From the 1st December 2016 there is now an online form that must be used in the first instance if the checks you perform identify your occupant does not have the ‘Right to Rent’. You can access this form here.
Consider the cross-overs with ‘Data Protection Act 1998’ and ‘Equality Act 2010’
Although Right to Rent is specific to the Immigration Act 2016, it’s very important to consider that there are cross-overs with other legislation and it’s crucial to consider your approach to carrying out these checks. Failure to do so may lead to breaches in data protection or even discrimination (direct or indirect).
From a right to rent perspective the guidelines are very specific when taking copies of documents. You must keep the document for a period of 12 months only after the tenancy has ended. However, from a data protection perspective it’s very subjective and open to interpretation. We contacted the Home Office and the Information Commissioners office on this and there are no specific requirements for the level of storage security. However, it was suggested that perhaps a secure filing cabinet in a locked building/office would suffice.
Moving onto the discrimination considerations, which is an important issue, because there are concerns that the complexities of Right to Rent will lead to Direct or Indirect discrimination. So what’s the difference?
Direct discrimination occurs when someone is treated less favourably because of their race, nationality, colour or religious belief. For example, if properties are only offered to certain nationalities, or certain nationalities are excluded.
Indirect discrimination occurs where a provision, criterion or practice, although applied equally, would put persons of a particular racial group at a particular disadvantage compared with other persons. For example, if a requirement that a prospective occupant has been a resident in the UK for over five years was to be imposed (because migrants are less likely to be able to meet such a requirement than a UK citizen in most circumstances).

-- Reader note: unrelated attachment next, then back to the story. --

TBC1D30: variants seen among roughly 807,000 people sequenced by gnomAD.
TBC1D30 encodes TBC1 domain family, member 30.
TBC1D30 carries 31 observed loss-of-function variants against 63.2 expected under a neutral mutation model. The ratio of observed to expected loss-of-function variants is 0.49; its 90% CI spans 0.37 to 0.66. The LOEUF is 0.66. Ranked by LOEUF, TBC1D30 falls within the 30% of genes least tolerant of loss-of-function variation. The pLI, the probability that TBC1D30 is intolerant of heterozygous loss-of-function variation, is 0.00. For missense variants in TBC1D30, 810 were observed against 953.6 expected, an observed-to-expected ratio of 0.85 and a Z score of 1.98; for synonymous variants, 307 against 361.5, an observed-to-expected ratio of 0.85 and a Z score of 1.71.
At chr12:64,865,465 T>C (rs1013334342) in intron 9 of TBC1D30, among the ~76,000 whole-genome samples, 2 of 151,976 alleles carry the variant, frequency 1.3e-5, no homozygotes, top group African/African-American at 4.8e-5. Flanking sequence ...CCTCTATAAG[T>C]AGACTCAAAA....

As demonstrated above, it’s not just about being consistent in your approach, because whether intentional or not, that could lead to consistent discrimination. It is, however, more important to be consistently compliant.
Stay consistent, compliant and paperless
Our landlord property inventory software – RLA Inventory Plus, consistently takes you through each stage of the right to rent process, informing you about what documents are acceptable based on the residency status of your prospective occupants. Furthermore, it provides a clear audit trail of the visual checks you made upon the documents provided by the occupants. This enables you to provide a statutory excuse in the event of a convincing fraudulent document being supplied.
- No more copying and filing – Use your phone or tablet camera to directly upload electronic copies of documents with secure password protected cloud storage. Complies with Data Protection Act 1998 to avoid the need for secure filing cabinets, or even alarms and CCTV.
- Stay organised – Receive emailed reminders to re-check tenants with ‘Time Limited’ Right to Rent documents. Complies with Immigration Act 2016.
- Fair checks – Follow our step-by-step guidance and avoid discriminating against legitimate tenants. Fairly checking all tenants equally and consistently. Complies with Equality Act 2010.
- Show compliance – Based on the nationality or citizenship of occupants you are informed what documents are acceptable along with what steps to follow when visually checking the documents. Complies with Home Office Immigration Act 2016 guidance.
A 30 day free trial (no card details required) of RLA Inventory Plus can be accessed here (just choose ‘Get Started’). As the name suggests, it’s also an easy to use platform for creating industry compliant: inventories; check-in; inspection and; check-out reports.